Wednesday, 13 June 2012

Near Death Experiences

Pic source 
If I had a guardian angel, she'd be exhausted.

Actually, I hope she'd be getting some time off for good behaviour or something, because in my younger years, I nearly died so many times it's crazy.

All in the course of a very normal childhood, you'll understand.

The first time I nearly died, I wasn't even three. My family and their friends (it was the Richardsons. Bless you for your quick thinking)  were having a picnic at a gorgeous spot called Cumberland River, just east of Lorne.
You would think, living at Lorne, we'd walk to the main beach. The one where they have life savers on duty. Where you can swim between the flags.

Full of tourists, mate. Can't go there. So instead we head off to a quiet (deserted) beach where not-quite-three-year-old me is splashing in the shallows.

At which point an enormous wave comes in and sucks me straight out into the water. Water which didn't stop until it hit Antarctica.

My eyes were open in shock. Blue and Red picnic plates and cups swirled in the water around me. It was all very, very fast. The surface didn't seem that far away but I was too stunned by the events to fight the undertow and get some air. And I was, like, not even three OK, so it's a miracle I wasn't trying to scream.

A hand reached into the water (one of the Richardson kids. I think it was Amber. Maybe it was Hunter. This could explain the massive crush I had on him since forever. No, it must have been Amber) and yanked me towards the sky.

There were kids everywhere, grabbing what they could before the sea took it all. Soon after, we were all in the car (no seat belts back then. Yes, that's how old I am) and heading home. Not because my near death put them off their lunch, but because the sea had stolen everything in the picnic basket.

And the wine, which seriously put a dampener on things.
Lesson learned - cask wine floats away faster than bottles.

It took a couple more years before I almost died again. This time, I nearly took my brother Harley with me. At the time we hated each other (times have changed. I now have this bizarre masochistic dream where we team up to go on The Amazing Race. Where we probably will kill each other.) The year was 1978, our parents were on the verge of divorce. They'd already filed the papers ....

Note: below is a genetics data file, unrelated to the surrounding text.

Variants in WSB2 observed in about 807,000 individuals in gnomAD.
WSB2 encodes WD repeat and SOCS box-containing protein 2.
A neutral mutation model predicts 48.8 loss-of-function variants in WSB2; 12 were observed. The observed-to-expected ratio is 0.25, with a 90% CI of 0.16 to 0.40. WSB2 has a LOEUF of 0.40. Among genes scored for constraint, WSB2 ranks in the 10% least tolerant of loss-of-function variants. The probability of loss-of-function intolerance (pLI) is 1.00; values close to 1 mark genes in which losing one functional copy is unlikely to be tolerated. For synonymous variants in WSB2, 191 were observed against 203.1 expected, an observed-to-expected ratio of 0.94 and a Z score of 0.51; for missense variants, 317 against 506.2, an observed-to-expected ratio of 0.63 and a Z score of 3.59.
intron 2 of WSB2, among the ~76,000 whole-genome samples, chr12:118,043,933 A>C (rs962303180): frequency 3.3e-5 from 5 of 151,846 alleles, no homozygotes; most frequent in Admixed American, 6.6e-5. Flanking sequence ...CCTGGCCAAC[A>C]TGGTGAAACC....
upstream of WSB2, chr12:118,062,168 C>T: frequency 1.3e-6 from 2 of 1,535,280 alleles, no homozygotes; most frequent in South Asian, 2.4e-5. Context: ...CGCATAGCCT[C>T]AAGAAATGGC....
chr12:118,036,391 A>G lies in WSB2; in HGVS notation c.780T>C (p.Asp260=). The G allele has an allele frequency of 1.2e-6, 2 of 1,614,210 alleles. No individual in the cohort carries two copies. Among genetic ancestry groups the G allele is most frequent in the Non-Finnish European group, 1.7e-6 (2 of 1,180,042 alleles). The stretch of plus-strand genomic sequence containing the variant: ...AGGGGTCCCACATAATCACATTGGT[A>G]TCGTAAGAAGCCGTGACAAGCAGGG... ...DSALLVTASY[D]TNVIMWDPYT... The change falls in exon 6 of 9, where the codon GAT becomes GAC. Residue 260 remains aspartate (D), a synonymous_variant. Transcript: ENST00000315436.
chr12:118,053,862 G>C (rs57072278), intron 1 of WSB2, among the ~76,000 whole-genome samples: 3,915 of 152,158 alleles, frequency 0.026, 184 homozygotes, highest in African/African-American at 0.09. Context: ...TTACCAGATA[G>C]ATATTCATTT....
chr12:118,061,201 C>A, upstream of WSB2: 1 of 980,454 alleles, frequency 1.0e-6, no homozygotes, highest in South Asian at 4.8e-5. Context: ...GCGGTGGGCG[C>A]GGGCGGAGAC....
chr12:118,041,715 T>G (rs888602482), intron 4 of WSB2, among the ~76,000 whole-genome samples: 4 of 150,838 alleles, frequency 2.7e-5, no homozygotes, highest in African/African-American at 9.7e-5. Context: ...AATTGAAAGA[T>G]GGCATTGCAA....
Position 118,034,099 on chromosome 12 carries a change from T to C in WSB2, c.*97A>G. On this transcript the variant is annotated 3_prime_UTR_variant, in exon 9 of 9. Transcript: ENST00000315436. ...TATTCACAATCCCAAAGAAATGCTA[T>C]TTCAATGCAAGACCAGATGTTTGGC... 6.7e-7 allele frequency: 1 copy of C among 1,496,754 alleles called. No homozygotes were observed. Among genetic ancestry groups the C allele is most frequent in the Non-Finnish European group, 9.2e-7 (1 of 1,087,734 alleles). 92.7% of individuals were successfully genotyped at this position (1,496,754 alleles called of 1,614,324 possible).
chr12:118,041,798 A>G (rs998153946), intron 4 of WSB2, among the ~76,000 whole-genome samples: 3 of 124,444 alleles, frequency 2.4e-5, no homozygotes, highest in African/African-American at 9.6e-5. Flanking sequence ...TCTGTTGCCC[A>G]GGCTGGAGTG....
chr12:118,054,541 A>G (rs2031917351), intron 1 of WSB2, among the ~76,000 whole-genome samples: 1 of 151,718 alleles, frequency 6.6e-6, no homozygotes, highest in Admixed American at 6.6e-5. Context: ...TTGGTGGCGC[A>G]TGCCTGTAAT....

.... but as they'd already booked and paid for the family holiday to Europe neither was going to let the other take it on their own. A holiday taken out of spite. Magnificently done.

So there we were, in a combi van. My father driving, my mother not talking to him, my brother and I way down the back crawling through the sleeping bags and pillows against the back door. Again, no seat belts.

Crucial plot point - when we bought the combi, we couldn't get the back door open. "It's jammed shut" the hippie told my dad. "We've never got it open. I'll take a hundred pounds off the price for the bother."

We drove all over Europe in that van, and never once could we get that open. On this near-death day, we were crossing the Severn Bridge from England into Wales.

Part way across, the combi's back door flies open.

I don't know if you've ever been driving, ooooh, 100 clicks and hour, and a door comes open, but the suction is phenomenal.

Anything not nailed down can and will fly out. Here's the other really entertaining part.

There was a massive semi truck right behind us (the Brits would say Lorry) and a pillow flew out the combi, went straight under its wheel and exploded in hot feathery death.

Determined not to be the next pillow (I was only seven, and barely weighed more than one) my brother and I screamed for our lives. Clever brother leapt over the bench seat to avoid the worst of the suction. Even cleverer, he managed to save a couple of sleeping bags too. Clever lad.

I was too dumb to leap over the bench seat, so all I could do was hang on to the back of it with one arm, clutch at the remaining sleeping bags and keep on screaming for my parents to stop the car.

Meanwhile, alarmed drivers all around us tooted their horns and flashed their lights, and screaming at the adults at the front of the combi to notice the impending doom taking place in the back.

They'd been ignoring us, you see, because my brother and I had fought the whole way around Europe and the only way they could deal with it was to not give us any attention.

Finally, who knows why, the parental units cast a look behind them and - hurrah! - they pulled over and stopped the van. The suction stopped at last, at which point I crawled into the bench seat and never played in the back again. If there had been a seat belt, I would have worn it.

Lesson learned: Don't use that "I'm about to die" scream every time you fight with your brother unless you really are about to die, otherwise your parents will ignore you.

I'm sure you're tired now. so I won't scare you with any more true tales just yet. Sleep well kiddies, more exciting bedtime stories another night!

No comments: